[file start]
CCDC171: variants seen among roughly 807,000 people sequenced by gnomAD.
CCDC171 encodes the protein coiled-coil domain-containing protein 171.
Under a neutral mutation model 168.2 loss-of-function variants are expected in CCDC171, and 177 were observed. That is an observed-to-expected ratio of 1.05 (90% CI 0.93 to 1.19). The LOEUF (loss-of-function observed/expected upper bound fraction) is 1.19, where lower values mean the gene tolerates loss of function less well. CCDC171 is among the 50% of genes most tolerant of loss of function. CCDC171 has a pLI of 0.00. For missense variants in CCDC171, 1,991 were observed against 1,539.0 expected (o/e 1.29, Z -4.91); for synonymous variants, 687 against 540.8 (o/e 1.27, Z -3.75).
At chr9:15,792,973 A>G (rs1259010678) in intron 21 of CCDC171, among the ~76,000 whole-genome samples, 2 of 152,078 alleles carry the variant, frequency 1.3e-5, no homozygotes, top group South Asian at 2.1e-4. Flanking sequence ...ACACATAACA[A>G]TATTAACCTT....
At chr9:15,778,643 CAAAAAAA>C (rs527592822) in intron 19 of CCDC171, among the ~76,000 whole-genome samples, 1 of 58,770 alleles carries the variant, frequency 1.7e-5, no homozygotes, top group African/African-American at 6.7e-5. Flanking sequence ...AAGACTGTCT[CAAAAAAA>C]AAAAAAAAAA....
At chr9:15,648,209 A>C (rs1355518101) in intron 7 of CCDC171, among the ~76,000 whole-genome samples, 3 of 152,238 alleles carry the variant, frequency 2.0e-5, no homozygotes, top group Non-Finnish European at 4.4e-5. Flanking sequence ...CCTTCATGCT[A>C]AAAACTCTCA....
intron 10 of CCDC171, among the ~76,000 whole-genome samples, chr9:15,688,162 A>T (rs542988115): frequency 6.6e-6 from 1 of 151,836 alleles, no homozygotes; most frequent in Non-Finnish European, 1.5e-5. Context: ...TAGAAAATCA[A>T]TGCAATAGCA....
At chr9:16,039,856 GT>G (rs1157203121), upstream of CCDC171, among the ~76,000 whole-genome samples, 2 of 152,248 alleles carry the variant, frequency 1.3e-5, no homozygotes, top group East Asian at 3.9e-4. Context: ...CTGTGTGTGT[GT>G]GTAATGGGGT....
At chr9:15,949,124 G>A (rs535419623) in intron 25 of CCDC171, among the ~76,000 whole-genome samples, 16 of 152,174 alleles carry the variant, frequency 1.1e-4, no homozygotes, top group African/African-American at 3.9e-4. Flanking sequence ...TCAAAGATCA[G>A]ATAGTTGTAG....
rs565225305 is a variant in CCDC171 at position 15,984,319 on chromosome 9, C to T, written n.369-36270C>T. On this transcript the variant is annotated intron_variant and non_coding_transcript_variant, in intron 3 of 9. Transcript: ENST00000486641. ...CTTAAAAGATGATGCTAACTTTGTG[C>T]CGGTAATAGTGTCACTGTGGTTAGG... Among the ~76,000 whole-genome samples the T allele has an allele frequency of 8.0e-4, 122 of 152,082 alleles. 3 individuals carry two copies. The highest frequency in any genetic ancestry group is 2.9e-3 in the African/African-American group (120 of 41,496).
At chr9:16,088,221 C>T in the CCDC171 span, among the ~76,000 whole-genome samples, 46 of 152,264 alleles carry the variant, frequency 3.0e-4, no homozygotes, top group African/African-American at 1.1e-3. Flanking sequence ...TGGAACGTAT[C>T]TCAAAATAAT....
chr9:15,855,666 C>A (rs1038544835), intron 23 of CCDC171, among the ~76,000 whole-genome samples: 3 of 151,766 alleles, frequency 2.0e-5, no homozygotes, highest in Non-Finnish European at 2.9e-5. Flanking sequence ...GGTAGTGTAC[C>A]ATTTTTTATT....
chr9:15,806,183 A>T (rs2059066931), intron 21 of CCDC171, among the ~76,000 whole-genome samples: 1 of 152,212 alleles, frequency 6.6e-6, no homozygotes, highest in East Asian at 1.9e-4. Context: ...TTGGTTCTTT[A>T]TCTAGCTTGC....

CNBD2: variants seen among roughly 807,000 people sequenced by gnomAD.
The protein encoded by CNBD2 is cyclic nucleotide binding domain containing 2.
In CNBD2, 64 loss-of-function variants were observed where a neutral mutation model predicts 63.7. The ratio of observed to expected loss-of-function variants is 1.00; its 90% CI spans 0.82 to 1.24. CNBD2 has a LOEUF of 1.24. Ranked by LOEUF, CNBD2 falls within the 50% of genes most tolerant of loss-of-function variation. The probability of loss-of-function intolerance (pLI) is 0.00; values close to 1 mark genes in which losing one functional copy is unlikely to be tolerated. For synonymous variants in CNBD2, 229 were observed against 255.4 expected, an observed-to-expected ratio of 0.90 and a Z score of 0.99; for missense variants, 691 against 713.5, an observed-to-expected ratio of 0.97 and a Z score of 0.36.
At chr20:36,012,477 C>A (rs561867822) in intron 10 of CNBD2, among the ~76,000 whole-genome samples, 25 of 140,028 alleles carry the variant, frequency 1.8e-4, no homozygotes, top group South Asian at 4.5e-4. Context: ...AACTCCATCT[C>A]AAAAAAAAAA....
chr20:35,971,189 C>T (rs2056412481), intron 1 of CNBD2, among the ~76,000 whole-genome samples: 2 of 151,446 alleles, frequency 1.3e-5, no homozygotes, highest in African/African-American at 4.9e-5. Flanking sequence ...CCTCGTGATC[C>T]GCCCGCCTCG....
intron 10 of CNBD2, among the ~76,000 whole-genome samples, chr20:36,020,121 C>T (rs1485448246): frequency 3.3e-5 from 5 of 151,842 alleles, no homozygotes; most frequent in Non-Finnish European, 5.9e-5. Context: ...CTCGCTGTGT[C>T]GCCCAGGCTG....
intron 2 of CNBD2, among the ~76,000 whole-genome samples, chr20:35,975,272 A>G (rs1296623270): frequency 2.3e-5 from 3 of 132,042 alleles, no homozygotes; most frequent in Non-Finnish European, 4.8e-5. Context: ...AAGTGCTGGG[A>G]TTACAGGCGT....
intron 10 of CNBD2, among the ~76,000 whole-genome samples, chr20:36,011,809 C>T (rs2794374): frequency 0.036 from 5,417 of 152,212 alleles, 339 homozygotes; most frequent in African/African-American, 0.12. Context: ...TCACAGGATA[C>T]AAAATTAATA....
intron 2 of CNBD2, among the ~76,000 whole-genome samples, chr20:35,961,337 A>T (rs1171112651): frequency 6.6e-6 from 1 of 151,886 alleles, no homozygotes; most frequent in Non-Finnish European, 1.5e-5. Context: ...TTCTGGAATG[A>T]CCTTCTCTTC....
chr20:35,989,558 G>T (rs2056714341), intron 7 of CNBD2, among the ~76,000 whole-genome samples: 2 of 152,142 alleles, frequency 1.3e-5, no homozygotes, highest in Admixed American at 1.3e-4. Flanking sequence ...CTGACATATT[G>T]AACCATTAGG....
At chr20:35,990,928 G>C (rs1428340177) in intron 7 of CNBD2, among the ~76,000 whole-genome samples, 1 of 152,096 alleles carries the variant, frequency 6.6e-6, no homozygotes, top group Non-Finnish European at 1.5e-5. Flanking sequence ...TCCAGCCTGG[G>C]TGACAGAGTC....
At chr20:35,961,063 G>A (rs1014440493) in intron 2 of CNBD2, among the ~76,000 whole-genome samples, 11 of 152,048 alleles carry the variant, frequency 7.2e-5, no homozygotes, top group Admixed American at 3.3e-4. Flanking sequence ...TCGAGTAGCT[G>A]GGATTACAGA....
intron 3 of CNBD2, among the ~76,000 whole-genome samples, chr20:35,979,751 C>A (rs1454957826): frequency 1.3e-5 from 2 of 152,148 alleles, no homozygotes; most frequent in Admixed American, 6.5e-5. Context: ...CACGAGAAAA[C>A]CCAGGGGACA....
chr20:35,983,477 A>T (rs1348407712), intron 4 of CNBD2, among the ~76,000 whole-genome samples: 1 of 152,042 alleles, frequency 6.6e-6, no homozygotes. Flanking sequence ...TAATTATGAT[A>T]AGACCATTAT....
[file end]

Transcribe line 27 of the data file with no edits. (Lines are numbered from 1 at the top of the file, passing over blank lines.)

chr20:35,983,477 A>T (rs1348407712), intron 4 of CNBD2, among the ~76,000 whole-genome samples: 1 of 152,042 alleles, frequency 6.6e-6, no homozygotes. Flanking sequence ...TAATTATGAT[A>T]AGACCATTAT....